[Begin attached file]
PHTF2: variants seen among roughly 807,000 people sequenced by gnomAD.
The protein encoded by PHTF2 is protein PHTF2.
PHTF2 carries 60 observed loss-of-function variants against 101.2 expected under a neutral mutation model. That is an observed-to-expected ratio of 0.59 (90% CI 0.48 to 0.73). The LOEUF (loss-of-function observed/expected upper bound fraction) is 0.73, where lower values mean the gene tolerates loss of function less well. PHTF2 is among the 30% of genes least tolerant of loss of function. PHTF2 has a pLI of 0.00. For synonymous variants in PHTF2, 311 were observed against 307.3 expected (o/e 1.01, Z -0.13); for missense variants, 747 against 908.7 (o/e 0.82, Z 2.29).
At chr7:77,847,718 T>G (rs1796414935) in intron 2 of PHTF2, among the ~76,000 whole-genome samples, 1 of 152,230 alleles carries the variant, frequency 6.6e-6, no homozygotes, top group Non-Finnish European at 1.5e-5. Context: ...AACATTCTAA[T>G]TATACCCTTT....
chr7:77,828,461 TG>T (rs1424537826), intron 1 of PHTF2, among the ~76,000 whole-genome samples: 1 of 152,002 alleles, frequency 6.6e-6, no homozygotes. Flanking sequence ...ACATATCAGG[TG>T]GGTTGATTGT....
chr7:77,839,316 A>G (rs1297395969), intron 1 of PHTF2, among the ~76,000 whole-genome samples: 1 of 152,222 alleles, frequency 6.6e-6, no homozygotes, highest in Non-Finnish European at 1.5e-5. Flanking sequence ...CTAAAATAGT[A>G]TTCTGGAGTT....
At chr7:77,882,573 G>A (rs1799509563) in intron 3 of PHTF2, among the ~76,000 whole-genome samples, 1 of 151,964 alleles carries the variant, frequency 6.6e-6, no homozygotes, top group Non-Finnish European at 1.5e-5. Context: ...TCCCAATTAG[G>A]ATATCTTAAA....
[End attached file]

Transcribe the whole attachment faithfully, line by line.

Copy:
PHTF2: variants seen among roughly 807,000 people sequenced by gnomAD.
The protein encoded by PHTF2 is protein PHTF2.
PHTF2 carries 60 observed loss-of-function variants against 101.2 expected under a neutral mutation model. That is an observed-to-expected ratio of 0.59 (90% CI 0.48 to 0.73). The LOEUF (loss-of-function observed/expected upper bound fraction) is 0.73, where lower values mean the gene tolerates loss of function less well. PHTF2 is among the 30% of genes least tolerant of loss of function. PHTF2 has a pLI of 0.00. For synonymous variants in PHTF2, 311 were observed against 307.3 expected (o/e 1.01, Z -0.13); for missense variants, 747 against 908.7 (o/e 0.82, Z 2.29).
At chr7:77,847,718 T>G (rs1796414935) in intron 2 of PHTF2, among the ~76,000 whole-genome samples, 1 of 152,230 alleles carries the variant, frequency 6.6e-6, no homozygotes, top group Non-Finnish European at 1.5e-5. Context: ...AACATTCTAA[T>G]TATACCCTTT....
chr7:77,828,461 TG>T (rs1424537826), intron 1 of PHTF2, among the ~76,000 whole-genome samples: 1 of 152,002 alleles, frequency 6.6e-6, no homozygotes. Flanking sequence ...ACATATCAGG[TG>T]GGTTGATTGT....
chr7:77,839,316 A>G (rs1297395969), intron 1 of PHTF2, among the ~76,000 whole-genome samples: 1 of 152,222 alleles, frequency 6.6e-6, no homozygotes, highest in Non-Finnish European at 1.5e-5. Flanking sequence ...CTAAAATAGT[A>G]TTCTGGAGTT....
At chr7:77,882,573 G>A (rs1799509563) in intron 3 of PHTF2, among the ~76,000 whole-genome samples, 1 of 151,964 alleles carries the variant, frequency 6.6e-6, no homozygotes, top group Non-Finnish European at 1.5e-5. Context: ...TCCCAATTAG[G>A]ATATCTTAAA....